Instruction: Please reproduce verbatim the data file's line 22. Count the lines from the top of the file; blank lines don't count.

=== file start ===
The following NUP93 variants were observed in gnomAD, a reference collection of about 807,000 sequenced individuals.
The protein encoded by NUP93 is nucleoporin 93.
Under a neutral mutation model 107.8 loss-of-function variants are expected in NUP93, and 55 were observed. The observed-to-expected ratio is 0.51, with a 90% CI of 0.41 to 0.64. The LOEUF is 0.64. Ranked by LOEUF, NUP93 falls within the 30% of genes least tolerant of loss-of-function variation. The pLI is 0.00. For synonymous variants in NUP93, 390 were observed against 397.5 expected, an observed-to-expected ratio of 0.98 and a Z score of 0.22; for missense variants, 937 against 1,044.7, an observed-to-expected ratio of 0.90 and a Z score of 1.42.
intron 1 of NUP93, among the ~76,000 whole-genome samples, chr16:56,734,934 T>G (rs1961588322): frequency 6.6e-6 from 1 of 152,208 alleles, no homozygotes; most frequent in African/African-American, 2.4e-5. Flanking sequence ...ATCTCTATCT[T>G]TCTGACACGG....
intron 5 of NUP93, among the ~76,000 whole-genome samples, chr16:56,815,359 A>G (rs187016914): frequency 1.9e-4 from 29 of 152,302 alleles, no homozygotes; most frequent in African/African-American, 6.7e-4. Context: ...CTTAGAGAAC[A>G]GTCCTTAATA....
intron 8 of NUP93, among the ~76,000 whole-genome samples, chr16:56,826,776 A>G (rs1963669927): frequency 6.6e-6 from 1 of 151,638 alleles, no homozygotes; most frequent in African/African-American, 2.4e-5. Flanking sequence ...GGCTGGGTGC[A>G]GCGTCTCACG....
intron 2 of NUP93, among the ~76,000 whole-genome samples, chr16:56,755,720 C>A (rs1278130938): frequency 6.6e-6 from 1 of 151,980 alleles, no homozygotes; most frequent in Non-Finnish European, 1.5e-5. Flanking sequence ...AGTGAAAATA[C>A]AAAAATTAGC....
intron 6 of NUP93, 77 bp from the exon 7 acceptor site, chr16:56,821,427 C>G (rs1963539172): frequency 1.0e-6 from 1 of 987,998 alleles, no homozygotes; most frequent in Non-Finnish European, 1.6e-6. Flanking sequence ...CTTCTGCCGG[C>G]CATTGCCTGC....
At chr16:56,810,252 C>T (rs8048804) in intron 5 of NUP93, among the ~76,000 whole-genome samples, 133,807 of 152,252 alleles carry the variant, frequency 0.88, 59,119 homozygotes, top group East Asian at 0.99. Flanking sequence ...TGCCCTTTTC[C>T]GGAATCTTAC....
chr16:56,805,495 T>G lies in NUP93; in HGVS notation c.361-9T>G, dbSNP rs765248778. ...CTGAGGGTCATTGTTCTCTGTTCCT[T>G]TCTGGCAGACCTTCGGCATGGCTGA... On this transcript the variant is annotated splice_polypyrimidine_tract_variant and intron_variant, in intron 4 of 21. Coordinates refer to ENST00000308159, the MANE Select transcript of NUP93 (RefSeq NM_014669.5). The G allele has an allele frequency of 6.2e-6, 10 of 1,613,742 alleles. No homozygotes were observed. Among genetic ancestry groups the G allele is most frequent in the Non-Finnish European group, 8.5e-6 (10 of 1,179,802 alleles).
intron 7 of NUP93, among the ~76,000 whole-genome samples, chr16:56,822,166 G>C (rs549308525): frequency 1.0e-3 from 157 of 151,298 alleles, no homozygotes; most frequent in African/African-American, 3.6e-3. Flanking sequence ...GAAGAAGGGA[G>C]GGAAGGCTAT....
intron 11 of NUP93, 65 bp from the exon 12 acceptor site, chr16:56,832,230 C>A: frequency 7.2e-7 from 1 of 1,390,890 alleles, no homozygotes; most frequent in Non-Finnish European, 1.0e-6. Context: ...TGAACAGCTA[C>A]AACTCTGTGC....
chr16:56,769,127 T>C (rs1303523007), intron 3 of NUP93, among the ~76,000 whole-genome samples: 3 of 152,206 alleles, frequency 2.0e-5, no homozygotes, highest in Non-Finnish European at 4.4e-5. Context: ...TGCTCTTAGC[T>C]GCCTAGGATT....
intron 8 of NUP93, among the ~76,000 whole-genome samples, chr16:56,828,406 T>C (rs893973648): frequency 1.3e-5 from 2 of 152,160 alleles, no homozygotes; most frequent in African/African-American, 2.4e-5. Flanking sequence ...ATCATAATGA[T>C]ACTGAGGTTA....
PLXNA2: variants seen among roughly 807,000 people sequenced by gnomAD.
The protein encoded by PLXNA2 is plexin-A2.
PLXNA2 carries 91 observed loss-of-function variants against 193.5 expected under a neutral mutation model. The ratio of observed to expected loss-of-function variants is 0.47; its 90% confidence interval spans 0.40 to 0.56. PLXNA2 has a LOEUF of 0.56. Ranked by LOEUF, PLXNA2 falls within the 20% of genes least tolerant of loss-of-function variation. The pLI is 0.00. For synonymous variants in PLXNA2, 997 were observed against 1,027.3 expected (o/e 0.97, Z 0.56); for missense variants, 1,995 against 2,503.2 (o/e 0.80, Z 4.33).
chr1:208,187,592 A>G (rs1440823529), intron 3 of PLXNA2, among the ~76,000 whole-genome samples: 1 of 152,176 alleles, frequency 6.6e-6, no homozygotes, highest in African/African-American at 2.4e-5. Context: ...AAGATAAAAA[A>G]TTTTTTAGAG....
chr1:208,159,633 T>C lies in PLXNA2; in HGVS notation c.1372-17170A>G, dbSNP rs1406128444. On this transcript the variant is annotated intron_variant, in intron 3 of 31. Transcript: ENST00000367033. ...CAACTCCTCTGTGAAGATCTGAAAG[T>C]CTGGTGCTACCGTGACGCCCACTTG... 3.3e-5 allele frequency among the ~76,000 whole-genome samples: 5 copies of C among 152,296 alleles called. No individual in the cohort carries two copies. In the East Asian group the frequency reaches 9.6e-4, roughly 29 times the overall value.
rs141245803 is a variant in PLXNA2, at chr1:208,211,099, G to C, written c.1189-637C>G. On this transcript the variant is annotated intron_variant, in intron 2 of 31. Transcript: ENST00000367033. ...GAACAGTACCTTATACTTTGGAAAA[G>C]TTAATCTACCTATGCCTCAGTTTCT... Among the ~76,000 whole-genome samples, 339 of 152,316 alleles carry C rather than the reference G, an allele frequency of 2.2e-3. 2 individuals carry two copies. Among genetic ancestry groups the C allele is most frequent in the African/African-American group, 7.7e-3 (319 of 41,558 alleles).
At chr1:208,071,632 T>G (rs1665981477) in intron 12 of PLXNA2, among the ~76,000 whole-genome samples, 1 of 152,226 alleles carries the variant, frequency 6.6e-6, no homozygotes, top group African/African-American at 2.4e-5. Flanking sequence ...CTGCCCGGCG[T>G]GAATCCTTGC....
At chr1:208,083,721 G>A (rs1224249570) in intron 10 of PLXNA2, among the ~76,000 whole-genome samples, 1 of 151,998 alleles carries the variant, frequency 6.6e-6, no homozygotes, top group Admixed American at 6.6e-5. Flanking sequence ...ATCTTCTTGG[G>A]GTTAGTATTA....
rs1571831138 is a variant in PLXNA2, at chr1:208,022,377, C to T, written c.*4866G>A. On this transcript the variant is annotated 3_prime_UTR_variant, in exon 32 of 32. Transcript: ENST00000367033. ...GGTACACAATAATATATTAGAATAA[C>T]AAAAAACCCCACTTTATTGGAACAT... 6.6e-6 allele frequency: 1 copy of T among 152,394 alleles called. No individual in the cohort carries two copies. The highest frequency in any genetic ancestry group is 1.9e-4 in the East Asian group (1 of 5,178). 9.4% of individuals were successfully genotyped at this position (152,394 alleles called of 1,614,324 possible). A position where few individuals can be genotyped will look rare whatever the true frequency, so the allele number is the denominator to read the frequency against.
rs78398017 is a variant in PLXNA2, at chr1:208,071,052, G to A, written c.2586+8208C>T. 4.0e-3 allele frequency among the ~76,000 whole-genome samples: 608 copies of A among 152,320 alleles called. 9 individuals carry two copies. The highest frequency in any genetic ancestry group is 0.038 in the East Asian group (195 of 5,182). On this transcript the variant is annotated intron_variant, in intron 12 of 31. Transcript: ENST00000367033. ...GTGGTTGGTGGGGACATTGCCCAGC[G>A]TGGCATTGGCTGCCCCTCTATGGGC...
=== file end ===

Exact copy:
At chr1:208,083,721 G>A (rs1224249570) in intron 10 of PLXNA2, among the ~76,000 whole-genome samples, 1 of 151,998 alleles carries the variant, frequency 6.6e-6, no homozygotes, top group Admixed American at 6.6e-5. Flanking sequence ...ATCTTCTTGG[G>A]GTTAGTATTA....